ERIN – An Erin resident is frustrated with the town’s plan to build a wastewater treatment plant and compel its residents to hook up to the system when it’s complete.
Ken Cowling took his frustration to the street last week with a one-man protest.
Cowling marched near the intersection of 10th Line and Wellington Road 52 in Erin – the future site of the plant – on Dec. 22, 23 and 24 for five hours each day wearing a sandwich board that reads “Say no to this sh-t show.”
“It’s the most ludicrous thing,” Cowling said in a phone interview on Dec. 23.
“We are really just subsidizing developers. I have a septic tank; it’s well-maintained. Why should I have to pay for (the sewage system)? I don’t take this easily.”
Cowling said he’s lived in Erin for some 40 years and is aware the sewage plant has been in the works for almost half that time.
He said as a younger man, he didn’t have the time to pay close attention to local government initiatives and this one got past him.
“It’s been pushed along by this present council,” Cowling said.
“And all I did was grumble about it. What I’m doing right now I should have been doing four years ago. All I can do now is what makes me feel right.”
The Town of Erin plans to build a wastewater treatment plant in 2021.
The design is almost complete and is expected to go to council for approval in the new year.
Once approved, the project will go to tender and construction will likely begin in the spring.
The town has said the cost of the plant will be covered by developers. Once the plant is underway, development will follow.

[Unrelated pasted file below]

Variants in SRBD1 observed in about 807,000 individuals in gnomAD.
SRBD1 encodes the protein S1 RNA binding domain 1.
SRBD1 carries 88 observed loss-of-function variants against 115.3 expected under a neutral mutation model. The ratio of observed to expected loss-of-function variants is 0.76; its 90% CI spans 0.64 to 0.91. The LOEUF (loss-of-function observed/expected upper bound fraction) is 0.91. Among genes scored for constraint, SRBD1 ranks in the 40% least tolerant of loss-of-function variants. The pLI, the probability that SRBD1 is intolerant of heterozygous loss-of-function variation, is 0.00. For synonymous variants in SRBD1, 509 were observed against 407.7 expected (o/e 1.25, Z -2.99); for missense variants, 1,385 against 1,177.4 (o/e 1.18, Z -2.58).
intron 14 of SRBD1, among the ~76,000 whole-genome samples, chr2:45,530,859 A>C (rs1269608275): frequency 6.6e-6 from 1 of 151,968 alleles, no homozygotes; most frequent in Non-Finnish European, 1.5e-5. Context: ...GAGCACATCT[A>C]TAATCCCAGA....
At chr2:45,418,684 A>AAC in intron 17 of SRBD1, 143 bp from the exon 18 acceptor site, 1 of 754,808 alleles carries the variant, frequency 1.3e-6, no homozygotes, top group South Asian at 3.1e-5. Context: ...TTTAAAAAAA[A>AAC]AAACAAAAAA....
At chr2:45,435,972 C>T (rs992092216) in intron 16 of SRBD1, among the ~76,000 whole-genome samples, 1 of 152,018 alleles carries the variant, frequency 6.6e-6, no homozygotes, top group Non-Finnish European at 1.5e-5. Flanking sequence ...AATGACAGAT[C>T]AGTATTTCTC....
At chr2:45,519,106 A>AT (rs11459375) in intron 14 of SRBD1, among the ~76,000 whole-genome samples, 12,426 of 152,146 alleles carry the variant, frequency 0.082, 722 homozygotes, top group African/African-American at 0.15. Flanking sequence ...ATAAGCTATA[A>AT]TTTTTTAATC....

The town is also seeking federal and provincial grants to help defray the cost of hooking up to the system for existing homeowners in the villages of Erin and Hillsburgh.
The town recently launched a website dedicated to the sewage plant, wastewatererin.ca with the most recent information on the project.
There it states: “Environmental impacts have been considered at every stage of this project. We have the strictest requirements in the country.
“The development of the project will allow for growth over 20+ years, in a smart and thoughtful way that protects the values we hold close.”
“I can’t believe the atrocity of what they are proposing,” Cowling said.
“There will be 7.2 million litres of effluent every day. I don’t know how Credit Valley Conservation can allow this to go into the pristine waters of the West Credit River.”
Cowling said he’s been buoyed by the horn honks and thumbs up of passersby as he’s been protesting.
“Every honk gets me through another half hour,” he said. “That’s what’s driving me.”